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November 9, 2015

Twitter admits to diversity ‘blind spots’, promises new initiatives & training

News: Last week, a former Twitter employee left the company due to the company's lack of diversity.

By CBR Staff Writer

Twitter’s Alex Roetter, senior vice president of engineering, has pledged to speed company diversity after an African American engineer publicly criticised the company’s approach to the issue.

Last week, Twitter’s engineering manager Leslie Miley expressed his concerns over the company’s diversity, saying it did not reflect the diversity of thought, conversation, and people in its ranks.

Miley quit Twitter amid the claims, saying that there was very little diversity in thought and almost no diversity in action at the company.

Miley wrote a post on blog-publishing platform Medium, stating that he was asked to build a tool to analyse candidates last names for classifying their ethnicity.

He said: "As an engineer, I understand this suggestion and why it may seem logical. However, classifying ethnicities by name is problematic as evidenced by my name.

"What I also found disconcerting is this otherwise highly sophisticated thinker could posit that an issue this complex could be addressed by name analysis."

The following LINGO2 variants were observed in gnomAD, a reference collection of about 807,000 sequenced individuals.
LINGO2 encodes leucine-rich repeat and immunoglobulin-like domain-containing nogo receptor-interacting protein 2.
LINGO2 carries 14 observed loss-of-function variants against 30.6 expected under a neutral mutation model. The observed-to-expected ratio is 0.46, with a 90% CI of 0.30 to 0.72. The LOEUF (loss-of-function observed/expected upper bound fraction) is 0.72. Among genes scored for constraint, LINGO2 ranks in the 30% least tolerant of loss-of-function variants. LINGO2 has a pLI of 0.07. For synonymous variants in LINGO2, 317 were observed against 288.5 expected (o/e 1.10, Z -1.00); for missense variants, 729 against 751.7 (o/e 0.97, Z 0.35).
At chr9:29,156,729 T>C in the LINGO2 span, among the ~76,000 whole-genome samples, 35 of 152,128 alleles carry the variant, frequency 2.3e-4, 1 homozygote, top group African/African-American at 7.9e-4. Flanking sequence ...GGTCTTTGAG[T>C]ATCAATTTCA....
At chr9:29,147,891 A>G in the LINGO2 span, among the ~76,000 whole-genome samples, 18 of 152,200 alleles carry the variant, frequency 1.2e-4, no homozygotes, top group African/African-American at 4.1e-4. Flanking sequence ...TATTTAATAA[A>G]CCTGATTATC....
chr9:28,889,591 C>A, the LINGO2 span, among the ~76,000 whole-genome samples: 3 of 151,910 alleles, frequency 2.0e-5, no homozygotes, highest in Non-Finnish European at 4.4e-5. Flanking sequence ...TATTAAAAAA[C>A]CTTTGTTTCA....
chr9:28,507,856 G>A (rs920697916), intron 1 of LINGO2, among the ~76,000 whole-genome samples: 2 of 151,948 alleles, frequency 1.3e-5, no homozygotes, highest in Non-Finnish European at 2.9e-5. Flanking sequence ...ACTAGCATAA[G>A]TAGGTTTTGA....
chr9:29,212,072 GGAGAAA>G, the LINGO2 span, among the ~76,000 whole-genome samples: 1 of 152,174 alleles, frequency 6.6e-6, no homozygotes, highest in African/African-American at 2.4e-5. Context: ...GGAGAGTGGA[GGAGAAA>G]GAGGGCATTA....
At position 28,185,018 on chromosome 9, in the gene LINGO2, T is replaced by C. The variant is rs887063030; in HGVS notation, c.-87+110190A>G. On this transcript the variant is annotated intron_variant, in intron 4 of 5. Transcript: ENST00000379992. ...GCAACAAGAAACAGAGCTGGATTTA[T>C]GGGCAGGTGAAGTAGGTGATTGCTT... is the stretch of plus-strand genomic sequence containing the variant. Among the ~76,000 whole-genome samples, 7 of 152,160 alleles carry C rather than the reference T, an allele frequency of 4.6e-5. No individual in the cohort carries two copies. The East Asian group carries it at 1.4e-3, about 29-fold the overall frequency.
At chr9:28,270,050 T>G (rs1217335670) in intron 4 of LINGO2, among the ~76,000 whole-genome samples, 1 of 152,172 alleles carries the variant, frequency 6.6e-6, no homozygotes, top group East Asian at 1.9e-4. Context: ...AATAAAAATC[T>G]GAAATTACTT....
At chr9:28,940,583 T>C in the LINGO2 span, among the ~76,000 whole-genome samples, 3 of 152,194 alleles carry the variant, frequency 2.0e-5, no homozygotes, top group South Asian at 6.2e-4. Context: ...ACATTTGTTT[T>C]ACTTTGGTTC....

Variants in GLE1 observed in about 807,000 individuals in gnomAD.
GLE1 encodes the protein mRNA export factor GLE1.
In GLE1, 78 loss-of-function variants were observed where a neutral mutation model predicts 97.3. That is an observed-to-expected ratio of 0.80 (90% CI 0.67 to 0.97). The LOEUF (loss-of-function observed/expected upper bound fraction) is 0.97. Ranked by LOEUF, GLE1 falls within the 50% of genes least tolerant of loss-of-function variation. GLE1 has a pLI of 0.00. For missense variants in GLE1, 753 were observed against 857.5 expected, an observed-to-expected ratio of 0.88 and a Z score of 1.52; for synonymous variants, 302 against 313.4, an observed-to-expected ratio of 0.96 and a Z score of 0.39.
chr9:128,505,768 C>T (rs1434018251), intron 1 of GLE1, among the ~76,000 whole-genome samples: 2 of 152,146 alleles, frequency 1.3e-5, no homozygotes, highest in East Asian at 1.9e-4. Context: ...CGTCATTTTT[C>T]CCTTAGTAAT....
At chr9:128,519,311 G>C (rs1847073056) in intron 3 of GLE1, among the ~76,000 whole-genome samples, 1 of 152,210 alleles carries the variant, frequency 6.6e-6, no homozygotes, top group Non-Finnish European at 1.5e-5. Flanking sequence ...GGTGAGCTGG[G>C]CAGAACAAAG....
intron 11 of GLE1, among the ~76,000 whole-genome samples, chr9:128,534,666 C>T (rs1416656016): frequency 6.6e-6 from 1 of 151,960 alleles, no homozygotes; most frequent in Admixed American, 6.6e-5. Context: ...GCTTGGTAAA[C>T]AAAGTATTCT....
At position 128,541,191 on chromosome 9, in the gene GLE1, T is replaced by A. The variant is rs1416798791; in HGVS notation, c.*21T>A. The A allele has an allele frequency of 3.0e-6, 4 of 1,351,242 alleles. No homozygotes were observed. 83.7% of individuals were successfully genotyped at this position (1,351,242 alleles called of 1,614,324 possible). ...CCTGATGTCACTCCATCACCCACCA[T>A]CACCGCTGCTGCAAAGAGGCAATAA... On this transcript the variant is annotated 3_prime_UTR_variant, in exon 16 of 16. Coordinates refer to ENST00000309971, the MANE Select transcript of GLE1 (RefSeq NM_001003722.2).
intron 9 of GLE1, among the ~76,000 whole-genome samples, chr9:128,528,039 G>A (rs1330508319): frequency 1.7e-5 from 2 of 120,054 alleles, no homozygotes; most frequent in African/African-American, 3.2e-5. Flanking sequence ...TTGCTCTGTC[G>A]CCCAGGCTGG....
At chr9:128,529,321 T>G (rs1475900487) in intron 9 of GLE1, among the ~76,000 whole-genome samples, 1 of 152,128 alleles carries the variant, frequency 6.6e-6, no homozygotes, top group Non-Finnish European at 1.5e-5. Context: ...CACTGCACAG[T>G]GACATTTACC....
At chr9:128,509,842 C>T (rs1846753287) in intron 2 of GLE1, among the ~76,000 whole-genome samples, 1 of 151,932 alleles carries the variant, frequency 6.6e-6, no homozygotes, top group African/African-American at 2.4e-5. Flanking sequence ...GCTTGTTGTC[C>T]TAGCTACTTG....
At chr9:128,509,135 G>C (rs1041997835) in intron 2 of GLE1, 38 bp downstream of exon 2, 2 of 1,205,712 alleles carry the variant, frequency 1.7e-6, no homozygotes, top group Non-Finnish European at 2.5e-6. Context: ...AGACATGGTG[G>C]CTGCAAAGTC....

Responding to Miley’s claims, Roetter said: "I realise that we have blind spots, myself included.

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"I want Twitter to be a place where all employees feel comfortable raising questions about diversity. That hasn’t always been the case, which is unacceptable."

Roetter unveiled several measures Twitter is putting in place to improve the workplace for minorities, including compulsory inclusion training and professional gatherings focused on underrepresented groups such as the society of hispanic professional engineers.

As part of its diversity goals, Twitter is planning to increase the share of female employees to 35% by next year.

The company aims to fill 16% of its technology jobs with women next year, up from 13% currently.

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